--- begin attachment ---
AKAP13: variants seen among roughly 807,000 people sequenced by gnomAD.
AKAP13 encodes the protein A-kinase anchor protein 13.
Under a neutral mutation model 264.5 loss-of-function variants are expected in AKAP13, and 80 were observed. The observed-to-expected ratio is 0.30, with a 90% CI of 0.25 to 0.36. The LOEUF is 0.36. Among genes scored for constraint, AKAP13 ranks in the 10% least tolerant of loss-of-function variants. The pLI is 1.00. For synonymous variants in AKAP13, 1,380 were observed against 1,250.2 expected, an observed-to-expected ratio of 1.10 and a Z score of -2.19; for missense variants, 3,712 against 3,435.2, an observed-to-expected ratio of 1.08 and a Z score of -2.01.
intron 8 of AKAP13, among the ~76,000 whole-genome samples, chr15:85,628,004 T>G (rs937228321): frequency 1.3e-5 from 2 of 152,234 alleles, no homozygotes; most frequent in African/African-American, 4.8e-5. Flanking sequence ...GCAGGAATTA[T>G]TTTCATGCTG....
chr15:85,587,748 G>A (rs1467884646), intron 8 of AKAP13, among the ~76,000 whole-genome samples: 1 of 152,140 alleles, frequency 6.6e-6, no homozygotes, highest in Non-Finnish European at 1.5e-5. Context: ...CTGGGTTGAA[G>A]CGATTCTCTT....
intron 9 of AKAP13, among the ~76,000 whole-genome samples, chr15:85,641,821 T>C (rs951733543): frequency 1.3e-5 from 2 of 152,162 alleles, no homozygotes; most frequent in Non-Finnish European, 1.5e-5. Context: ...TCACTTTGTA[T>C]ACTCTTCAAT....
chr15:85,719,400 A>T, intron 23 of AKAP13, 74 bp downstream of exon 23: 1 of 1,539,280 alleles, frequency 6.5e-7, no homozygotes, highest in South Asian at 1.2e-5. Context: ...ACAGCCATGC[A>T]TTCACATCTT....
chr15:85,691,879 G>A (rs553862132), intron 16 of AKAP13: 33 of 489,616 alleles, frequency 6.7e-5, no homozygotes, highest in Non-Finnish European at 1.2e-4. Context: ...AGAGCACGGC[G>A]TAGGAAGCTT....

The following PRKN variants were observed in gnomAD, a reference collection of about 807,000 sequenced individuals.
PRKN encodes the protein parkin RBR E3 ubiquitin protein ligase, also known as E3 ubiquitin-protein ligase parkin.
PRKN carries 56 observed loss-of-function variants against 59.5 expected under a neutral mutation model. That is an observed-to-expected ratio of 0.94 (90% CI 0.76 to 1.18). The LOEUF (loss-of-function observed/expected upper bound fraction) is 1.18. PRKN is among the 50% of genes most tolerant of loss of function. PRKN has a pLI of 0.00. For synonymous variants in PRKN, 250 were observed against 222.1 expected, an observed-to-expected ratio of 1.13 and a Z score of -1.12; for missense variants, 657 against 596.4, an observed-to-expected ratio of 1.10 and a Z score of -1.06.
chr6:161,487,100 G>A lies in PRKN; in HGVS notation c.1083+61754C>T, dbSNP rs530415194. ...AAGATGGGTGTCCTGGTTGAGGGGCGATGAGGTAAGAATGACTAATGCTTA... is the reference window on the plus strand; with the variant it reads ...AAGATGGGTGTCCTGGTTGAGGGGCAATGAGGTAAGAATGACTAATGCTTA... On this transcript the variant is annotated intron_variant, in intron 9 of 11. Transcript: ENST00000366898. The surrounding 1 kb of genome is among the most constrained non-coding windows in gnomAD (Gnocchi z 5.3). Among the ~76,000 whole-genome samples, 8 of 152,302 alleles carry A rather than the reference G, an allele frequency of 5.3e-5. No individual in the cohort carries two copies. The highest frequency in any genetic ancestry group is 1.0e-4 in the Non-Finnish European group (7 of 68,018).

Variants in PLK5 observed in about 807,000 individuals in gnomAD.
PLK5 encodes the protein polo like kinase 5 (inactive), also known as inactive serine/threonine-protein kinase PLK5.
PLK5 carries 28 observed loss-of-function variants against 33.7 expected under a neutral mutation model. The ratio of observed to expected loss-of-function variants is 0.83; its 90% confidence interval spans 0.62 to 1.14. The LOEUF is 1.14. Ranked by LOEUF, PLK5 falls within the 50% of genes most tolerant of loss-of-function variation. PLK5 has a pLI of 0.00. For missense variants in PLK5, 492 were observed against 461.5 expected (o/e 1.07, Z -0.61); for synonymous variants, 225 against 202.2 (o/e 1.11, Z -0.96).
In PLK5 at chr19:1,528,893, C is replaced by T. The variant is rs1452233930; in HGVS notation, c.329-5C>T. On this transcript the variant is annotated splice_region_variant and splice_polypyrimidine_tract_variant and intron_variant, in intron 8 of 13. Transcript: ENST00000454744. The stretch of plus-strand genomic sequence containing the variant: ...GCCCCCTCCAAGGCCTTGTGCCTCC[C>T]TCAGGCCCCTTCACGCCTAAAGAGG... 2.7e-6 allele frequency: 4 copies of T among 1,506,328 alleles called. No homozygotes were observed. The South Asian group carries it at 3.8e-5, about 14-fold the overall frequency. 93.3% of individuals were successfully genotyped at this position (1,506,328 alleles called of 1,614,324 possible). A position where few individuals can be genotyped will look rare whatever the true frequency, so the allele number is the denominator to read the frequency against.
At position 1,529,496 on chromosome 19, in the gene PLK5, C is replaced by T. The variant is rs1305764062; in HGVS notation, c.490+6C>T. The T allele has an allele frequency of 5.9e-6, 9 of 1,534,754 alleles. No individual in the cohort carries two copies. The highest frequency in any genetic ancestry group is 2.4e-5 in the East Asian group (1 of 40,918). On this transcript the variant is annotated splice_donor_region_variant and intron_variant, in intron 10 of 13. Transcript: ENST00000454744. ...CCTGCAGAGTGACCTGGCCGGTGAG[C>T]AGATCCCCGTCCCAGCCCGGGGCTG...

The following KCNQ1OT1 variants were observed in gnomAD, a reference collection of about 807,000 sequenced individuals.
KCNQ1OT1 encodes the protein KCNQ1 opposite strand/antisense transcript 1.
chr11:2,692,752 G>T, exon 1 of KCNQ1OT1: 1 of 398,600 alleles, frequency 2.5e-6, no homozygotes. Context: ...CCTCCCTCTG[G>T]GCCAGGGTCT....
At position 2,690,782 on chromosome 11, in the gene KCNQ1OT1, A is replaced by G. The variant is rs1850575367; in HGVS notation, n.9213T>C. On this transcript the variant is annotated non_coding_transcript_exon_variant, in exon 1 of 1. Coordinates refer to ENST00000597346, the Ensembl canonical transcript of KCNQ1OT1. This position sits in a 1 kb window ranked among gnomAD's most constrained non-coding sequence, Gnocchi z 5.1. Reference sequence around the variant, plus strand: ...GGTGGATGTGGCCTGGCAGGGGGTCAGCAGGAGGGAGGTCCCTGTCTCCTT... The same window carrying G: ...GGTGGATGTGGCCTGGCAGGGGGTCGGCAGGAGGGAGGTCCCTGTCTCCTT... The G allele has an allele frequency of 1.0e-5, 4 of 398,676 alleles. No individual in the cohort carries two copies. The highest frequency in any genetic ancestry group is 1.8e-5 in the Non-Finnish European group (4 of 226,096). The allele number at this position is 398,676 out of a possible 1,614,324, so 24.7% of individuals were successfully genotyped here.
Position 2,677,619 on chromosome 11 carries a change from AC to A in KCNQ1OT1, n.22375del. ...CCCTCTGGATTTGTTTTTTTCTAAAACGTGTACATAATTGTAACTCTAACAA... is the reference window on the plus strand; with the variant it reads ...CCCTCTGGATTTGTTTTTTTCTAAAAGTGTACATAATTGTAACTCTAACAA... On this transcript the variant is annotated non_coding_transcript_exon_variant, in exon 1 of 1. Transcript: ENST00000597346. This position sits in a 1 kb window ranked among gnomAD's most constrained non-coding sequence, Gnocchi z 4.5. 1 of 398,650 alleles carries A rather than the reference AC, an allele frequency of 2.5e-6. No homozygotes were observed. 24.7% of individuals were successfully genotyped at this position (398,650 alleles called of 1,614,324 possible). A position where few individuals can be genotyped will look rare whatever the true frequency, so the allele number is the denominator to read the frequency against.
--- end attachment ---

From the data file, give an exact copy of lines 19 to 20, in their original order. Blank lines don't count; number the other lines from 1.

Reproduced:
KCNQ1OT1 encodes the protein KCNQ1 opposite strand/antisense transcript 1.
chr11:2,692,752 G>T, exon 1 of KCNQ1OT1: 1 of 398,600 alleles, frequency 2.5e-6, no homozygotes. Context: ...CCTCCCTCTG[G>T]GCCAGGGTCT....